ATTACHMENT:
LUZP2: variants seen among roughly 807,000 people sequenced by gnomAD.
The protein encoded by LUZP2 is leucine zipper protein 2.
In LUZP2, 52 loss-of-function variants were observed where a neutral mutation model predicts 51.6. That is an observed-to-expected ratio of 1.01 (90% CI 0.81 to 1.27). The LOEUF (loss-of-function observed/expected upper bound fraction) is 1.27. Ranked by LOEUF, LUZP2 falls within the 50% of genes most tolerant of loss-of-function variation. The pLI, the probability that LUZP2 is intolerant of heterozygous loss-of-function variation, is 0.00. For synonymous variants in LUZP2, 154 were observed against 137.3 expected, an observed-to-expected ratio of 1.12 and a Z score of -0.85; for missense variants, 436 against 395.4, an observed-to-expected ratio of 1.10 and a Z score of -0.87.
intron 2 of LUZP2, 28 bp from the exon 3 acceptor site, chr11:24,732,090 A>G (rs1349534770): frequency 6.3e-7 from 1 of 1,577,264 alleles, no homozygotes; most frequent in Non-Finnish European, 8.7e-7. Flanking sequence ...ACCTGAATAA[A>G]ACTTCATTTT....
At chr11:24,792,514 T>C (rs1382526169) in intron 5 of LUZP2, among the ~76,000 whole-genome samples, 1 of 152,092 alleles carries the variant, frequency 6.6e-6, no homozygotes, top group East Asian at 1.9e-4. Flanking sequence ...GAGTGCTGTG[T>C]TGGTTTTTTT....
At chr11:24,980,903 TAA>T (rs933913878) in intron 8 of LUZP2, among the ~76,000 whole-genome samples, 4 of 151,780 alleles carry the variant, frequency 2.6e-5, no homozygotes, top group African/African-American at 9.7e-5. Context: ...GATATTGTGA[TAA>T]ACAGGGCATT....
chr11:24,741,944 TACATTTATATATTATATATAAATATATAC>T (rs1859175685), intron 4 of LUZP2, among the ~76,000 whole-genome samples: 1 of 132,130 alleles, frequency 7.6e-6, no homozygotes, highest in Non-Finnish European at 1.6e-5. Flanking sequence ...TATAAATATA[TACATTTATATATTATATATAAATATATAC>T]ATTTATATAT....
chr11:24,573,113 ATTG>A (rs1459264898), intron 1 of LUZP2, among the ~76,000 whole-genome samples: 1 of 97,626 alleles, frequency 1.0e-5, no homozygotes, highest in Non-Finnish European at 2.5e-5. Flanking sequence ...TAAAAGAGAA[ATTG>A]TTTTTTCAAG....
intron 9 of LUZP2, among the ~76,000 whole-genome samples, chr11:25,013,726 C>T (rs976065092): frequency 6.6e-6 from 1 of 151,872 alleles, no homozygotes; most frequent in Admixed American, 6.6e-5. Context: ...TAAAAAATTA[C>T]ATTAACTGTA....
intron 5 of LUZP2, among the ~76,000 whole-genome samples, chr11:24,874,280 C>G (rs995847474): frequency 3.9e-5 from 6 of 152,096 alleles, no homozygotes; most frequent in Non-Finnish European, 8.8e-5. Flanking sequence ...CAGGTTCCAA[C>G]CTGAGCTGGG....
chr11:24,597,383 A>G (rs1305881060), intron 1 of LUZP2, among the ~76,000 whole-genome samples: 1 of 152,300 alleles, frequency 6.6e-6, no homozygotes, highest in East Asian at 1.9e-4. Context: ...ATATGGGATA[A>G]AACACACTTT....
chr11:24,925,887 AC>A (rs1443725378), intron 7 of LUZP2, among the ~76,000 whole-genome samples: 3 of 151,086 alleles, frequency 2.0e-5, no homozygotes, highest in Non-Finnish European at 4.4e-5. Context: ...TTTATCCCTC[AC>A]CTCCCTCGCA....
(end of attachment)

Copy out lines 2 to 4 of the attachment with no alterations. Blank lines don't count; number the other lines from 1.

The protein encoded by LUZP2 is leucine zipper protein 2.
In LUZP2, 52 loss-of-function variants were observed where a neutral mutation model predicts 51.6. That is an observed-to-expected ratio of 1.01 (90% CI 0.81 to 1.27). The LOEUF (loss-of-function observed/expected upper bound fraction) is 1.27. Ranked by LOEUF, LUZP2 falls within the 50% of genes most tolerant of loss-of-function variation. The pLI, the probability that LUZP2 is intolerant of heterozygous loss-of-function variation, is 0.00. For synonymous variants in LUZP2, 154 were observed against 137.3 expected, an observed-to-expected ratio of 1.12 and a Z score of -0.85; for missense variants, 436 against 395.4, an observed-to-expected ratio of 1.10 and a Z score of -0.87.
intron 2 of LUZP2, 28 bp from the exon 3 acceptor site, chr11:24,732,090 A>G (rs1349534770): frequency 6.3e-7 from 1 of 1,577,264 alleles, no homozygotes; most frequent in Non-Finnish European, 8.7e-7. Flanking sequence ...ACCTGAATAA[A>G]ACTTCATTTT....